Looking back, I can see why I wanted to believe in a silver bullet. It took responsibility and agency for dealing with my issues away from me and helped me live a life of denial and self-hate. Perhaps, it also tied into the fantasy novels that I read which fed into the idea of war being won with one masterstroke or by a legendary hero. Who wouldn’t have been awestruck by the thundering roar of the brave cavalry galloping into the battlefield, trumpets and all as they swoop in to smash the armies of the bad guys to smithereens? It makes for great literature and gripping movies but does not translate well on a real battlefield. The wars in our world are won by engaging in long winding pitched battles, using strategic retreats and by soldiers fighting on in smelly trenches winning territory in agonizingly slow increments. It might not be glamorous but that’s just the way life is.


I would like to end with this quote:

“’Don’t ask for guarantees. And don’t look to be saved in any one thing, person, machine, or library. Do your own bit of saving, and if you drown, at least die knowing you were heading for the shore.”

  • Ray Bradbury


When it comes to mental illness, the silver bullet may paradoxically be the realization that there isn’t one. I have stopped my quest for the silver bullet, have you?

  • BloodRaven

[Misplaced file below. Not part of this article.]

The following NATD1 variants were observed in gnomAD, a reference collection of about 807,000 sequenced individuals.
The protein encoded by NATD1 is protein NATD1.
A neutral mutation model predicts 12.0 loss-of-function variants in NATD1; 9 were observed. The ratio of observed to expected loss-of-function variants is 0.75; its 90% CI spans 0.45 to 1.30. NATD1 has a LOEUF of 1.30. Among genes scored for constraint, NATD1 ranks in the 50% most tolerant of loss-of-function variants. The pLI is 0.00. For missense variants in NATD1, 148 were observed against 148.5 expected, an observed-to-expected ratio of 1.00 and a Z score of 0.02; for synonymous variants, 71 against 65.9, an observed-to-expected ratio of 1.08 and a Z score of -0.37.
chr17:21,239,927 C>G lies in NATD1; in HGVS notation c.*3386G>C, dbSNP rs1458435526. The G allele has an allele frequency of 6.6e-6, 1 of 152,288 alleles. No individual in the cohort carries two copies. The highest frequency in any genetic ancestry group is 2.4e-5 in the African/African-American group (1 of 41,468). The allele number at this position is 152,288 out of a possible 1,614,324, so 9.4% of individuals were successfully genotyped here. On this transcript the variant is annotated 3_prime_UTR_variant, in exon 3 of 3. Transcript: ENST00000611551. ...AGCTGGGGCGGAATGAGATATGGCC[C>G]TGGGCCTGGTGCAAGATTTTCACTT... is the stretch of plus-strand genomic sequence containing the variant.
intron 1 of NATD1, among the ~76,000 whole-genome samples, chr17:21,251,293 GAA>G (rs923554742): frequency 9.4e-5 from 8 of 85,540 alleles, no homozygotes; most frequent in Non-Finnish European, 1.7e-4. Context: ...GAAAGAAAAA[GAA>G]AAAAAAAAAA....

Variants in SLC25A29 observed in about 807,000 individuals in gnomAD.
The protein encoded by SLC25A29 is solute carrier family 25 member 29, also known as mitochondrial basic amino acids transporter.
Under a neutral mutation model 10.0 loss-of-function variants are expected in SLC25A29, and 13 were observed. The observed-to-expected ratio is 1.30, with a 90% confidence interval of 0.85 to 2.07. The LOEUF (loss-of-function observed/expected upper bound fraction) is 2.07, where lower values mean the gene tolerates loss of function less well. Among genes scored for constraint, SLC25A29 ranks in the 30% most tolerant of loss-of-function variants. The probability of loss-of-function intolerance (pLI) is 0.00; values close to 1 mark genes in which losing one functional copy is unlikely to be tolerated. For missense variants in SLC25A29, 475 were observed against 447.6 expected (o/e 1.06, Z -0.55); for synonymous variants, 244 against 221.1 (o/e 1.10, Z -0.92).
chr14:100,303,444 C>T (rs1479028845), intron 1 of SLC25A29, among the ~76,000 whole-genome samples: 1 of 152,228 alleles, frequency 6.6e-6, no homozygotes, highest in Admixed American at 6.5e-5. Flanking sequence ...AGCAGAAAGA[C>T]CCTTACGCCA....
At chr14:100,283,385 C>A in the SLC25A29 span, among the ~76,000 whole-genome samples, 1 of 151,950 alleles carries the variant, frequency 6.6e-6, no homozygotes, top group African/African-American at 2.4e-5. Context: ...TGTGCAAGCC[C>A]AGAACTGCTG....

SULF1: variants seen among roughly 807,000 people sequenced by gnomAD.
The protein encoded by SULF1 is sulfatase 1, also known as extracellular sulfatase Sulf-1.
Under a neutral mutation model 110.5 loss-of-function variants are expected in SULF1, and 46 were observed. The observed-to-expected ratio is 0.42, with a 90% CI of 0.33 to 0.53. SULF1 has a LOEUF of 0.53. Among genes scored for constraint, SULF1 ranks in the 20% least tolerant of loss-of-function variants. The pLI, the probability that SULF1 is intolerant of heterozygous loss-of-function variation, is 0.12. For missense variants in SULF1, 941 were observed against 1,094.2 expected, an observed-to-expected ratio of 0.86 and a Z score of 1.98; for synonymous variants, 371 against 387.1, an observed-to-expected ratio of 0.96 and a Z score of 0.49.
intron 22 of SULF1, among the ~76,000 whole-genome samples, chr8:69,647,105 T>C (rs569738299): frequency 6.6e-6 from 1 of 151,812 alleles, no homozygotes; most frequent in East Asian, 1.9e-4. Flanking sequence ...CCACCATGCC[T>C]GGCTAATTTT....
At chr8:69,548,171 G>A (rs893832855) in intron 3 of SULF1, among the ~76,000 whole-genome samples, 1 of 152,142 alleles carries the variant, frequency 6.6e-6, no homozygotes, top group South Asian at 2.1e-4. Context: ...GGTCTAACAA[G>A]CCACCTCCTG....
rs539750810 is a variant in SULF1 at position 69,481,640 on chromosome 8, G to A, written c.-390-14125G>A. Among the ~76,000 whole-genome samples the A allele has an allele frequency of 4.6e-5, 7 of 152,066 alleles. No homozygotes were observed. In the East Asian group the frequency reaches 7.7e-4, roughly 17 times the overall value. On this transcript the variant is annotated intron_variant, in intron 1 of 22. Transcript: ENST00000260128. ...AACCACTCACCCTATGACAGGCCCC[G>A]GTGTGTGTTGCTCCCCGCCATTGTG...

The Longing to Belong

There are some days when I don’t see the point in anything I do. 


Some days where I still feel the tired drag of my bones and the slow yet constant thump of my heart and I know that it’s going to be “one of those days”. And that’s alright. I’ve learnt how to cope with them. To learn to ask for help and seek support and take it easy till I feel better. And on those days I think, is there really anyone else going through what I’m going through right now, right this instant? I mean through all the 7 billion people of this small planet, there has to be someone who feels the exact same way I do. Right? 


Humans have always thrived in being part of something bigger than themselves, in being a community. Whether it came in the form of religion or political views or just something as simple as living with the same area code, we’ve always longed to be a part of something. And that sense of community with no doubt makes us stronger.